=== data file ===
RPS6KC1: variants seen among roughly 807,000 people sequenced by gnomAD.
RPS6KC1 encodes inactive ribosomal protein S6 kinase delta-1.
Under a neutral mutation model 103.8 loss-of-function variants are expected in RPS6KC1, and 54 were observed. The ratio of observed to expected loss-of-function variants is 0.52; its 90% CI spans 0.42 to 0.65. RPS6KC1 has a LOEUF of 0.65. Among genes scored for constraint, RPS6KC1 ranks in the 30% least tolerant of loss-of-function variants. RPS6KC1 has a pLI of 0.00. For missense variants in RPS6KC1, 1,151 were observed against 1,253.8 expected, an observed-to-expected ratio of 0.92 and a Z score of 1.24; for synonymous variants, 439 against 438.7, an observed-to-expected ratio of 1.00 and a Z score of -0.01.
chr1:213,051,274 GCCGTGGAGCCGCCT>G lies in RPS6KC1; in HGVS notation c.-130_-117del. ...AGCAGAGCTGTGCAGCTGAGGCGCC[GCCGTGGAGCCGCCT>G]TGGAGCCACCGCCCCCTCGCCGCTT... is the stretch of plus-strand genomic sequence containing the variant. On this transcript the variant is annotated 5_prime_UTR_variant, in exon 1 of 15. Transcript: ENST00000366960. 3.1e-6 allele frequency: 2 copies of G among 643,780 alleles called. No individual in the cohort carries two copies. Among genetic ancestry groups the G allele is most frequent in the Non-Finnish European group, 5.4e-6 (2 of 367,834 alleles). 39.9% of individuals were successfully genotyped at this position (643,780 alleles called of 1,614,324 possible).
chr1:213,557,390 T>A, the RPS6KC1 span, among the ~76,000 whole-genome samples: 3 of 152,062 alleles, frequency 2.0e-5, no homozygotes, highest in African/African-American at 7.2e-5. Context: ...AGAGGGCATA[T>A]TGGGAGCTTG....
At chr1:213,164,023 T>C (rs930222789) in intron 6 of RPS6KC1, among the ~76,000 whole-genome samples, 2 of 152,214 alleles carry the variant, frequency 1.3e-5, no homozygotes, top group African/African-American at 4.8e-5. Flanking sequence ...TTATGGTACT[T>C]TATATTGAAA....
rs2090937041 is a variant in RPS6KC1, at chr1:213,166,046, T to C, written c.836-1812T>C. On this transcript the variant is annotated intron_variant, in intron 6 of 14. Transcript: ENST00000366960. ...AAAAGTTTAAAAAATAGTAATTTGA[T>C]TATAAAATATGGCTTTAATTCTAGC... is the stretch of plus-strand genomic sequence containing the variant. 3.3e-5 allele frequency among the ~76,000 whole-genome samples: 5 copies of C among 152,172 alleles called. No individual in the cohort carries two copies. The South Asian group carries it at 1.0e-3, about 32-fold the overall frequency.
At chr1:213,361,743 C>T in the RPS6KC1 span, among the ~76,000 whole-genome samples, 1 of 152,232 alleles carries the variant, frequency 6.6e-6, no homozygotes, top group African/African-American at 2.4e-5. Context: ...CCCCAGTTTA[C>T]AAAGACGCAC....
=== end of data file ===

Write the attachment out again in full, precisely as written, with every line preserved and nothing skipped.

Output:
RPS6KC1: variants seen among roughly 807,000 people sequenced by gnomAD.
RPS6KC1 encodes inactive ribosomal protein S6 kinase delta-1.
Under a neutral mutation model 103.8 loss-of-function variants are expected in RPS6KC1, and 54 were observed. The ratio of observed to expected loss-of-function variants is 0.52; its 90% CI spans 0.42 to 0.65. RPS6KC1 has a LOEUF of 0.65. Among genes scored for constraint, RPS6KC1 ranks in the 30% least tolerant of loss-of-function variants. RPS6KC1 has a pLI of 0.00. For missense variants in RPS6KC1, 1,151 were observed against 1,253.8 expected, an observed-to-expected ratio of 0.92 and a Z score of 1.24; for synonymous variants, 439 against 438.7, an observed-to-expected ratio of 1.00 and a Z score of -0.01.
chr1:213,051,274 GCCGTGGAGCCGCCT>G lies in RPS6KC1; in HGVS notation c.-130_-117del. ...AGCAGAGCTGTGCAGCTGAGGCGCC[GCCGTGGAGCCGCCT>G]TGGAGCCACCGCCCCCTCGCCGCTT... is the stretch of plus-strand genomic sequence containing the variant. On this transcript the variant is annotated 5_prime_UTR_variant, in exon 1 of 15. Transcript: ENST00000366960. 3.1e-6 allele frequency: 2 copies of G among 643,780 alleles called. No individual in the cohort carries two copies. Among genetic ancestry groups the G allele is most frequent in the Non-Finnish European group, 5.4e-6 (2 of 367,834 alleles). 39.9% of individuals were successfully genotyped at this position (643,780 alleles called of 1,614,324 possible).
chr1:213,557,390 T>A, the RPS6KC1 span, among the ~76,000 whole-genome samples: 3 of 152,062 alleles, frequency 2.0e-5, no homozygotes, highest in African/African-American at 7.2e-5. Context: ...AGAGGGCATA[T>A]TGGGAGCTTG....
At chr1:213,164,023 T>C (rs930222789) in intron 6 of RPS6KC1, among the ~76,000 whole-genome samples, 2 of 152,214 alleles carry the variant, frequency 1.3e-5, no homozygotes, top group African/African-American at 4.8e-5. Flanking sequence ...TTATGGTACT[T>C]TATATTGAAA....
rs2090937041 is a variant in RPS6KC1, at chr1:213,166,046, T to C, written c.836-1812T>C. On this transcript the variant is annotated intron_variant, in intron 6 of 14. Transcript: ENST00000366960. ...AAAAGTTTAAAAAATAGTAATTTGA[T>C]TATAAAATATGGCTTTAATTCTAGC... is the stretch of plus-strand genomic sequence containing the variant. 3.3e-5 allele frequency among the ~76,000 whole-genome samples: 5 copies of C among 152,172 alleles called. No individual in the cohort carries two copies. The South Asian group carries it at 1.0e-3, about 32-fold the overall frequency.
At chr1:213,361,743 C>T in the RPS6KC1 span, among the ~76,000 whole-genome samples, 1 of 152,232 alleles carries the variant, frequency 6.6e-6, no homozygotes, top group African/African-American at 2.4e-5. Context: ...CCCCAGTTTA[C>T]AAAGACGCAC....